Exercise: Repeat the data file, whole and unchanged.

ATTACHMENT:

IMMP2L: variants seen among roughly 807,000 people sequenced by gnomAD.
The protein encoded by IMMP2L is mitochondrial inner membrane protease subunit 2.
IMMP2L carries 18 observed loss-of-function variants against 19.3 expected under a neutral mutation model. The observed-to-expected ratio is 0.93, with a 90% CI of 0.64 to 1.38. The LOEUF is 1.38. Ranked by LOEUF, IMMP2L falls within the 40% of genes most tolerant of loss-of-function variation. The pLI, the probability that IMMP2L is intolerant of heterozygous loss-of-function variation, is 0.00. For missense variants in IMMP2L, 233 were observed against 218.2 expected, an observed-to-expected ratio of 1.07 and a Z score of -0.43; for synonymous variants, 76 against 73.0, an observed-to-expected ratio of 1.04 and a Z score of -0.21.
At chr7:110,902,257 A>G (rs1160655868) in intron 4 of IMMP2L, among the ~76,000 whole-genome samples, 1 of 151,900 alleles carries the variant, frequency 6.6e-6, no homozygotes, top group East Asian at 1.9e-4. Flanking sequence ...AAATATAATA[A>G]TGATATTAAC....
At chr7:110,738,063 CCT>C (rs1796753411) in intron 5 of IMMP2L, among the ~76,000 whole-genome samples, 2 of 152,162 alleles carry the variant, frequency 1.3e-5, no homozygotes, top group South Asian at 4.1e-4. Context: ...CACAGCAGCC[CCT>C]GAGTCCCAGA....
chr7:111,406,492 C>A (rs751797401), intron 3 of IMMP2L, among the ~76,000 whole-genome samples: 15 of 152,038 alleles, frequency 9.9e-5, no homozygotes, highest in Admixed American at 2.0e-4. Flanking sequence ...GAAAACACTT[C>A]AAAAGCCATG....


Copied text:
IMMP2L: variants seen among roughly 807,000 people sequenced by gnomAD.
The protein encoded by IMMP2L is mitochondrial inner membrane protease subunit 2.
IMMP2L carries 18 observed loss-of-function variants against 19.3 expected under a neutral mutation model. The observed-to-expected ratio is 0.93, with a 90% CI of 0.64 to 1.38. The LOEUF is 1.38. Ranked by LOEUF, IMMP2L falls within the 40% of genes most tolerant of loss-of-function variation. The pLI, the probability that IMMP2L is intolerant of heterozygous loss-of-function variation, is 0.00. For missense variants in IMMP2L, 233 were observed against 218.2 expected, an observed-to-expected ratio of 1.07 and a Z score of -0.43; for synonymous variants, 76 against 73.0, an observed-to-expected ratio of 1.04 and a Z score of -0.21.
At chr7:110,902,257 A>G (rs1160655868) in intron 4 of IMMP2L, among the ~76,000 whole-genome samples, 1 of 151,900 alleles carries the variant, frequency 6.6e-6, no homozygotes, top group East Asian at 1.9e-4. Flanking sequence ...AAATATAATA[A>G]TGATATTAAC....
At chr7:110,738,063 CCT>C (rs1796753411) in intron 5 of IMMP2L, among the ~76,000 whole-genome samples, 2 of 152,162 alleles carry the variant, frequency 1.3e-5, no homozygotes, top group South Asian at 4.1e-4. Context: ...CACAGCAGCC[CCT>C]GAGTCCCAGA....
chr7:111,406,492 C>A (rs751797401), intron 3 of IMMP2L, among the ~76,000 whole-genome samples: 15 of 152,038 alleles, frequency 9.9e-5, no homozygotes, highest in Admixed American at 2.0e-4. Flanking sequence ...GAAAACACTT[C>A]AAAAGCCATG....